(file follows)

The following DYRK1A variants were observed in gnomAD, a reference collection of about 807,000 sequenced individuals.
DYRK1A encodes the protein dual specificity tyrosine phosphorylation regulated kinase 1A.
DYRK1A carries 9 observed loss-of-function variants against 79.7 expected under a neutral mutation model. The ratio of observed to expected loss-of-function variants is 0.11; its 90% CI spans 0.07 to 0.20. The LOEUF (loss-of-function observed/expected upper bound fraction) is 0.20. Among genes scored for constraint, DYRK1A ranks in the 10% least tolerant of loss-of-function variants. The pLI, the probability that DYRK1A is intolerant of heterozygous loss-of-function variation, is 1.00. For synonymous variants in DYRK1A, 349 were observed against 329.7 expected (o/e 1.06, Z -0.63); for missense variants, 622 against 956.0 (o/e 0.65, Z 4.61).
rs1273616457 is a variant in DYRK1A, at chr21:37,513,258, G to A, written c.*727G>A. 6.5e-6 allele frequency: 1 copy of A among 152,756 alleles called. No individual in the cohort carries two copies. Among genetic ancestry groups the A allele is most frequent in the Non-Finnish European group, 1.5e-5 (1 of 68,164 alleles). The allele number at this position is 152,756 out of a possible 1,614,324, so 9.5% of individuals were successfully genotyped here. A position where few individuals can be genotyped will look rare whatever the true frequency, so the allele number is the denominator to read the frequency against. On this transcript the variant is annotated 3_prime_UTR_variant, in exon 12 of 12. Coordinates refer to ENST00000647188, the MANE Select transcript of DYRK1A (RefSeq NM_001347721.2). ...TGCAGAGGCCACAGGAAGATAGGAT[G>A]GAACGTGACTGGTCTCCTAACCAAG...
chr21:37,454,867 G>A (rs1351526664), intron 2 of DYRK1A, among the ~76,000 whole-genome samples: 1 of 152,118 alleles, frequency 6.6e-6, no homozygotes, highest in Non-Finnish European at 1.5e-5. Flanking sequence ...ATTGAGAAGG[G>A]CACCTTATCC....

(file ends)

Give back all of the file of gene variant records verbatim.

The following DYRK1A variants were observed in gnomAD, a reference collection of about 807,000 sequenced individuals.
DYRK1A encodes the protein dual specificity tyrosine phosphorylation regulated kinase 1A.
DYRK1A carries 9 observed loss-of-function variants against 79.7 expected under a neutral mutation model. The ratio of observed to expected loss-of-function variants is 0.11; its 90% CI spans 0.07 to 0.20. The LOEUF (loss-of-function observed/expected upper bound fraction) is 0.20. Among genes scored for constraint, DYRK1A ranks in the 10% least tolerant of loss-of-function variants. The pLI, the probability that DYRK1A is intolerant of heterozygous loss-of-function variation, is 1.00. For synonymous variants in DYRK1A, 349 were observed against 329.7 expected (o/e 1.06, Z -0.63); for missense variants, 622 against 956.0 (o/e 0.65, Z 4.61).
rs1273616457 is a variant in DYRK1A, at chr21:37,513,258, G to A, written c.*727G>A. 6.5e-6 allele frequency: 1 copy of A among 152,756 alleles called. No individual in the cohort carries two copies. Among genetic ancestry groups the A allele is most frequent in the Non-Finnish European group, 1.5e-5 (1 of 68,164 alleles). The allele number at this position is 152,756 out of a possible 1,614,324, so 9.5% of individuals were successfully genotyped here. A position where few individuals can be genotyped will look rare whatever the true frequency, so the allele number is the denominator to read the frequency against. On this transcript the variant is annotated 3_prime_UTR_variant, in exon 12 of 12. Coordinates refer to ENST00000647188, the MANE Select transcript of DYRK1A (RefSeq NM_001347721.2). ...TGCAGAGGCCACAGGAAGATAGGAT[G>A]GAACGTGACTGGTCTCCTAACCAAG...
chr21:37,454,867 G>A (rs1351526664), intron 2 of DYRK1A, among the ~76,000 whole-genome samples: 1 of 152,118 alleles, frequency 6.6e-6, no homozygotes, highest in Non-Finnish European at 1.5e-5. Flanking sequence ...ATTGAGAAGG[G>A]CACCTTATCC....